There is something utterly fascinating but equally poignant about Pompeii that can leave you emotionally moved the first time you visit. Pompeii is a true testimony to the devastating tragedies that nature can deliver and often without adequate warning enough for humans to make their escape from its wrath.
It’s a well-known fact that Pompeii, an ancient Roman settlement near Naples in southwest Italy, was destroyed by an eruption of Mount Vesuvius. The historic eruption is believed to have lasted for two days. While many of the city’s inhabitants did manage to flee, many did not and were consequently suffocated by the clouds of volcanic ash.
The archeological remains of Pompeii cover an extensive area that, for ease of exploration, has been divided into nine individual regions. There are also sites to visit outside of the designated regions, so knowing where to start when you get there and what’s where is vital to make sure you don’t miss a thing.
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The Regions Of Pompeii And What They Contain
To explore the ruins of Pompeii properly, you’ll need to have a guide map. You can download an up-to-date map from the official website in various formats. It’s good to have the most recent edition as it will show you which houses or parts of the ruins are closed or undergoing maintenance.
When you’re there, it’s a good idea to start in Region I and work your way around in a clockwise direction. Do that, and you’ll have less chance of missing something.
Region One contains 20 different sites, most of which are homes. While they’re all noteworthy, the ones not to miss checking out in-depth are:
- The Garden of Fugitives where you’ll find the casts of 13 victims who were trying to flee through a gate in the garden wall when they were overcome by fumes.
- The House of the Lovers with its intact columned walls surrounding a courtyard and its romantic graffiti.
- The Fullery of Stephanus that served as a laundry and still has the complete bath where the washing was done in the center of the room.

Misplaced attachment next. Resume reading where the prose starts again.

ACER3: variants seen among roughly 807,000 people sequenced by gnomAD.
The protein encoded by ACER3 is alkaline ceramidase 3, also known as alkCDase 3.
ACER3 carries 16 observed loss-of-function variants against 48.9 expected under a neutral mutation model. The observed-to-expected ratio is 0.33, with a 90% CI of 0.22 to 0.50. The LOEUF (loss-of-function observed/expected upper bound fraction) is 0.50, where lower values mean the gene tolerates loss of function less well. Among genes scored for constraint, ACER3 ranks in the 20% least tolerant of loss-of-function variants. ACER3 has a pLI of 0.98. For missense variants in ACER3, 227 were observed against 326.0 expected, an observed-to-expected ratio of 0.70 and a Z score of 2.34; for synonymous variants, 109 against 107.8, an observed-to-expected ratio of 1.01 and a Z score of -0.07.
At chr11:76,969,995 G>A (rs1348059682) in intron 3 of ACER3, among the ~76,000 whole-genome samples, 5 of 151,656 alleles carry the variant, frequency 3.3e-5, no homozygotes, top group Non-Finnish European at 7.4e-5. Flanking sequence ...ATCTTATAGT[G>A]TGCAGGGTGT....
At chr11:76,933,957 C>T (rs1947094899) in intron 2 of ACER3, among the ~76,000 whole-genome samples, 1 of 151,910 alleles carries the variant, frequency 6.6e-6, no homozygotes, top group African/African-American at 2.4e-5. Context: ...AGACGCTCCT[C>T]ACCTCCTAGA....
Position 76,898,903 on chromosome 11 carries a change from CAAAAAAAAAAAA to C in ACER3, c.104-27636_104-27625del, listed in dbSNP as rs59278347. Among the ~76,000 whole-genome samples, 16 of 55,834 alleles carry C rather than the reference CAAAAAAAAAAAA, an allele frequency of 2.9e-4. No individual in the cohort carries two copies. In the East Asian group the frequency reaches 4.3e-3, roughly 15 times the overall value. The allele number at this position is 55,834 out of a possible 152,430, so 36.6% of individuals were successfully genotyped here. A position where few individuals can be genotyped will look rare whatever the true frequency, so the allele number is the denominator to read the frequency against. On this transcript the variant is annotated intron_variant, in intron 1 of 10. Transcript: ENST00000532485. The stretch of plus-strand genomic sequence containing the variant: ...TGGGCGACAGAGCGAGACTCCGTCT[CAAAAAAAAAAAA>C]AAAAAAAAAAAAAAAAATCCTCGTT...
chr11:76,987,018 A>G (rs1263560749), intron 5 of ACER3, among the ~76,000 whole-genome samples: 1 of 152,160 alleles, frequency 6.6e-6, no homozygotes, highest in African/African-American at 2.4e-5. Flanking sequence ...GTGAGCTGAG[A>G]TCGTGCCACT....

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There are a few visitable houses in this section, but the majority of space is given over to what would have been public gardens. The most outstanding feature here is the amphitheater which would have held around 20,000 people. It’s a magnificent example and the largest of its kind.
This is one of the smaller sections and contains a necropolis, what would have been a military academy, and a house where people went to learn the etiquette and rules of Roman society.
This region is currently not open for public viewing as the digs are still in progress.
In this expansive section, you’ll find the Gladiators Barracks, where the gladiators lived and underwent their strenuous training. There are several houses in this section too, but only one, the House of Leda and the Swan, which contains an intact mural, is open for viewing, along with the Thermopolium, which would have served as a Roman eatery.
This area of Pompeii contains 22 houses and villas. The most outstanding are:
- The Villa of Mysteries, the walls of which are covered in intricate murals.
- The House of the Faun, which is the largest house in Pompeii and contains several floor mosaics.
- An outdoor Thermopolium complete with seating and fire pits where the food would have been cooked.
- The magnificent House of the Golden Cupids, which was the elegant home of relatives of the Emperor Nero.
While there are a few houses in this section, most space here is given over to temples, sanctuaries with sacrificial altars, and public baths. Not to be missed are:
- The Sanctuary of Apollo, with its columns and statues.
- The Sanctuary of the Public Lares, with what would have been a central altar.
- The Lupanar, which was a brothel and has murals on the wall to match the occupation carried out there.
- The Temple of Jupiter, with its statues of Roman gods.
Region eight is also mostly dedicated to temples and sanctuaries. It’s in this section that you’ll also find the Antiquarium, which is a construction dating from the 19th century that now houses the visitor center.
By the time you’ve done the rounds and arrived in region nine of Pompeii, you’ll be starting to get tired, be feeling overly warm, and probably a little sunburnt if you didn’t slather on a high SPF lotion.
This is a small section, though, so it doesn’t take long to investigate, and then you can wander off, find somewhere shady, and have a well-earned refreshing drink. If you didn’t take anything with you, you’ll find a refreshment stand in region VII behind the Temple of Jupiter.
When Can You Visit Pompeii
Pompeii is open to the public all year round, although times do vary depending on the season. From the 1st of April to the 31st of October you can be there from 9 am until 7 pm. The last entrance is at 5:30 pm, but that’s leaving it far too late to be able to see Pompeii properly.
From the 1st of November to the 31st of March, opening times are shorter. You can visit from 9 am until only 5 pm, and the last entrance during the winter season is at 3:30 pm.
Pompeii is truly a magnificent relic of bygone days. Once you start to walk its streets, you’ll begin to understand what it might have been like to live in Roman times. One word of advice – always make sure you’re aware of the quickest way out. Mount Vesuvius hasn’t blown its top in quite a while, but as you may well know, history sometimes has a habit of repeating itself.